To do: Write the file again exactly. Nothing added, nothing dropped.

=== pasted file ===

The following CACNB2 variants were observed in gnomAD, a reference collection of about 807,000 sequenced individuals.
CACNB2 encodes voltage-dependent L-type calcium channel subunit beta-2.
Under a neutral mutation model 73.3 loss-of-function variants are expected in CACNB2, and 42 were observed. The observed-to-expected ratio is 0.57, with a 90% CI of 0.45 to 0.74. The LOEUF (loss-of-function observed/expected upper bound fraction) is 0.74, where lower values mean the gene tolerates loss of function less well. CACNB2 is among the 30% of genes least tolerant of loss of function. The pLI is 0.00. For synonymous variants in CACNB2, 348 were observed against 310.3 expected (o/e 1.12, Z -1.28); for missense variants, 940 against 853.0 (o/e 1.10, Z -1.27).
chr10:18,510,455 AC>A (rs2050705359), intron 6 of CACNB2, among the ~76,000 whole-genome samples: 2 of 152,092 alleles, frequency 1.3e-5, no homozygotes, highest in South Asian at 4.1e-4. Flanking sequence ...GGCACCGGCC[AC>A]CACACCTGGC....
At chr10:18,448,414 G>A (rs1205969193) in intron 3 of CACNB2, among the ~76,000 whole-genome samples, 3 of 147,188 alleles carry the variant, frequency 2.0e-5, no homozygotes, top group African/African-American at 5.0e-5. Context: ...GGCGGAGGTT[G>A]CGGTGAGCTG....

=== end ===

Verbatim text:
The following CACNB2 variants were observed in gnomAD, a reference collection of about 807,000 sequenced individuals.
CACNB2 encodes voltage-dependent L-type calcium channel subunit beta-2.
Under a neutral mutation model 73.3 loss-of-function variants are expected in CACNB2, and 42 were observed. The observed-to-expected ratio is 0.57, with a 90% CI of 0.45 to 0.74. The LOEUF (loss-of-function observed/expected upper bound fraction) is 0.74, where lower values mean the gene tolerates loss of function less well. CACNB2 is among the 30% of genes least tolerant of loss of function. The pLI is 0.00. For synonymous variants in CACNB2, 348 were observed against 310.3 expected (o/e 1.12, Z -1.28); for missense variants, 940 against 853.0 (o/e 1.10, Z -1.27).
chr10:18,510,455 AC>A (rs2050705359), intron 6 of CACNB2, among the ~76,000 whole-genome samples: 2 of 152,092 alleles, frequency 1.3e-5, no homozygotes, highest in South Asian at 4.1e-4. Flanking sequence ...GGCACCGGCC[AC>A]CACACCTGGC....
At chr10:18,448,414 G>A (rs1205969193) in intron 3 of CACNB2, among the ~76,000 whole-genome samples, 3 of 147,188 alleles carry the variant, frequency 2.0e-5, no homozygotes, top group African/African-American at 5.0e-5. Context: ...GGCGGAGGTT[G>A]CGGTGAGCTG....